Permanent immigration under US immigration law is based on reunification of families, admitting immigrants with skills that are valuable to the US economy, protecting refugees and promoting diversity. For employment-based immigration status, the sponsor or employer wanting to hire an immigrant must first test the US. labor market by advertising the job to US. citizens. Once a person obtains an immigrant visa and comes to the United States, they become a lawful permanent resident (LPR). They can apply to be citizens after 5 years residency. In FY 2019, immigrants admitted through the employment preferences category made up 13.5% of all new LPRs in the United States. The other 86.5% of immigrants were in the other categories mentioned above.

There are several misconceptions and challenges associated with immigration and non-citizen workers. A common concern has been expressed as “they are taking our jobs”. As discussed above current law requires employers to offer jobs to American citizens first before requesting that an immigrant or non-citizen fill a temporary or permanent job. As every member of the Wyoming Rising business panel stated they cannot get sufficient applications from American citizens, or many don’t stay on the job. They would go out of business if it were not for the non-citizen worker.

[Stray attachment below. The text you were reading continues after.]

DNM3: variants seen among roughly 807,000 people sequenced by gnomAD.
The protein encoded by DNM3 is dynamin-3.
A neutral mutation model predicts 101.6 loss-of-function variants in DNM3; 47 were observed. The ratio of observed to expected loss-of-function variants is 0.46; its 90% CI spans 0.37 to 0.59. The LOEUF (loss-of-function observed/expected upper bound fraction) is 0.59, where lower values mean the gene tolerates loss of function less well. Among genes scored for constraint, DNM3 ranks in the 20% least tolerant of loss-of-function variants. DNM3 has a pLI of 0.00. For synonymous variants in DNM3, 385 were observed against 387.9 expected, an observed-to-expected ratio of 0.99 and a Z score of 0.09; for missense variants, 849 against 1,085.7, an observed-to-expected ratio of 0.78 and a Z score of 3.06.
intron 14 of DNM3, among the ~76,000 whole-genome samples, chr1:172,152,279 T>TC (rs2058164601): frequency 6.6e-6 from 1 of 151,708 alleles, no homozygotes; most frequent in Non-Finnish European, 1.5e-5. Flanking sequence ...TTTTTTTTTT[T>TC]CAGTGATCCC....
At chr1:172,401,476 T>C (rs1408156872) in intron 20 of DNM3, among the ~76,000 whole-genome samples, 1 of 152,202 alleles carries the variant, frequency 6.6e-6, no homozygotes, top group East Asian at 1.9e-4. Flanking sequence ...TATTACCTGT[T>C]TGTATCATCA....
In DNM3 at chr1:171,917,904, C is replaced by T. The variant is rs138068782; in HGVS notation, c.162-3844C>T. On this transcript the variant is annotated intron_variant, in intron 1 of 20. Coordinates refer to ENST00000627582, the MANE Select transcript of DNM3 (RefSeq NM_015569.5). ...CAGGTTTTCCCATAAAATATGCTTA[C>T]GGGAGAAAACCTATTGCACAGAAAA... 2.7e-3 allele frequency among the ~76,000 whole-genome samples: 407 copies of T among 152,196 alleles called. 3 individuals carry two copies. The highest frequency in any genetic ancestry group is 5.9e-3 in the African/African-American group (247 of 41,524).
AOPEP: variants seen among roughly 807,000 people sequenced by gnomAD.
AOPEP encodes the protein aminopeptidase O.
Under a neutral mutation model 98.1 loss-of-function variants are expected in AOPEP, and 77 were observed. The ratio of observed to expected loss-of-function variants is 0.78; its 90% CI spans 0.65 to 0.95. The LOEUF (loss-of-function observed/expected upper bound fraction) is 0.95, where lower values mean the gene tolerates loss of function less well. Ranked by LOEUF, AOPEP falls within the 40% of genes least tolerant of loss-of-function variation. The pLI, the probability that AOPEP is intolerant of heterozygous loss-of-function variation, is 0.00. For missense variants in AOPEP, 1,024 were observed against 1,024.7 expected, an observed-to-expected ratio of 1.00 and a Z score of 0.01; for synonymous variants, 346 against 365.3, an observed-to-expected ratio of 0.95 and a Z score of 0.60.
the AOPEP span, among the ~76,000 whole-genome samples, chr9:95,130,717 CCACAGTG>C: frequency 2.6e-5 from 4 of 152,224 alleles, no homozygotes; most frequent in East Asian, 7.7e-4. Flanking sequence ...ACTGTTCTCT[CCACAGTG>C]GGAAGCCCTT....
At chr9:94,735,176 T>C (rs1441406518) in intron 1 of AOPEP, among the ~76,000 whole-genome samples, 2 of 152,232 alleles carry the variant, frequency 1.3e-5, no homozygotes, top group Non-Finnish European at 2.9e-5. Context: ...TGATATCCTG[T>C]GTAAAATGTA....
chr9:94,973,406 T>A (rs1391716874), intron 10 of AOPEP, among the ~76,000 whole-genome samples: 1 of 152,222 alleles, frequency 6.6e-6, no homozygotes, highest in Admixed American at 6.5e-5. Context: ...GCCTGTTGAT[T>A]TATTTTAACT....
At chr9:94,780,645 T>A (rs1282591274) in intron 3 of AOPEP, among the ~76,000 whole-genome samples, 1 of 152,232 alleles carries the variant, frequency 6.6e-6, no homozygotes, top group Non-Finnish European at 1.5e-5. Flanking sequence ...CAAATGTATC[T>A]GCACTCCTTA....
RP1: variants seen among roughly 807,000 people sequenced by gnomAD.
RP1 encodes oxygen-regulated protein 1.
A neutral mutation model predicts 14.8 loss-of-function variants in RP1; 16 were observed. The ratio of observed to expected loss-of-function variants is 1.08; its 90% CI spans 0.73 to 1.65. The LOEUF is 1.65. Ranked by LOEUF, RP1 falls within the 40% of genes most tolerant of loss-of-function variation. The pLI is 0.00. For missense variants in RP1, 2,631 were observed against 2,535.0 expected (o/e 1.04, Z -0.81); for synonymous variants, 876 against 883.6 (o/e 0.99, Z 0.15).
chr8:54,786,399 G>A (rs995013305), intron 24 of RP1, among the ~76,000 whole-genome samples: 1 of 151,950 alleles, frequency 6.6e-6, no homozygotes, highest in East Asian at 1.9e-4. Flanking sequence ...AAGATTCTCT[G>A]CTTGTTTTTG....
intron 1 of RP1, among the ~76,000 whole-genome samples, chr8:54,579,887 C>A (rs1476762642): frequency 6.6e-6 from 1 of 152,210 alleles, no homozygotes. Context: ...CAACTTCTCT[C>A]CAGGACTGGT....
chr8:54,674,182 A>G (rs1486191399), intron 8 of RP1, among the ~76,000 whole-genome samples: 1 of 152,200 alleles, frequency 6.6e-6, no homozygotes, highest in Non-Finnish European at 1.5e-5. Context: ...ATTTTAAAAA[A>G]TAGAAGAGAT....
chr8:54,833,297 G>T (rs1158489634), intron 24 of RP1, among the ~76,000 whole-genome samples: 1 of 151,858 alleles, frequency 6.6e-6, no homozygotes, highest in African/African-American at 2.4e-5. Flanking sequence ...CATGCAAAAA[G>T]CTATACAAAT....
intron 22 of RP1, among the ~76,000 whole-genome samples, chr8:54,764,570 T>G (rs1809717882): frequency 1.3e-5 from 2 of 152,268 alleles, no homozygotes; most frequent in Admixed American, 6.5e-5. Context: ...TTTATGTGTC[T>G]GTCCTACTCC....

Another common fallacy is that these people receive US benefits (e.g., social security, health care, education, unemployment, SNAP), but don’t pay taxes. Most immigrants and non-citizen workers receive no benefits from the US government unless they fall into specific categories. These include those with refugee or asylum status, lawful permanent residents with 40 quarters of work credit, military personnel on active duty or veterans and their immediate families or people declared victims of human trafficking.

According to the IRS, non-citizens and immigrants must pay US income taxes on any income earned in the United States. They must also pay Medicare and Social Security taxes unless they are on a temporary agricultural worker visa. So, most of these foreign workers are paying taxes on income earned here.

There is a great deal of disagreement about illegal immigration which is not addressed here. According to the Pew Research Center, 77% of immigrants are here legally while 23% are not. The one area of majority consensus among both Democrats and Republicans is that taking in refugees from countries where people are fleeing war and violence is an important goal. According to the Department of Homeland Security, 12% of this category qualified as refugees or asylum seekers. Most of those are from Latin America. Some analyses have cited historic US interventions supporting authoritarian leaders in Central America as the cause of violence driving these people from their homes. As one of the farmers in the Wyoming Rising business panel said, it doesn’t matter how big a wall you build people will escape from violence and oppression The problem must be addressed at its source.

Let’s focus on common ground: immigrants and temporary workers are very much needed to support our local businesses and those fleeing from violence and oppression deserve our help. Wouldn’t we want those we love to receive such help? Do we have the political will to address these needs?

Phyllis Roseberry
Wyoming Rising Vice-Chair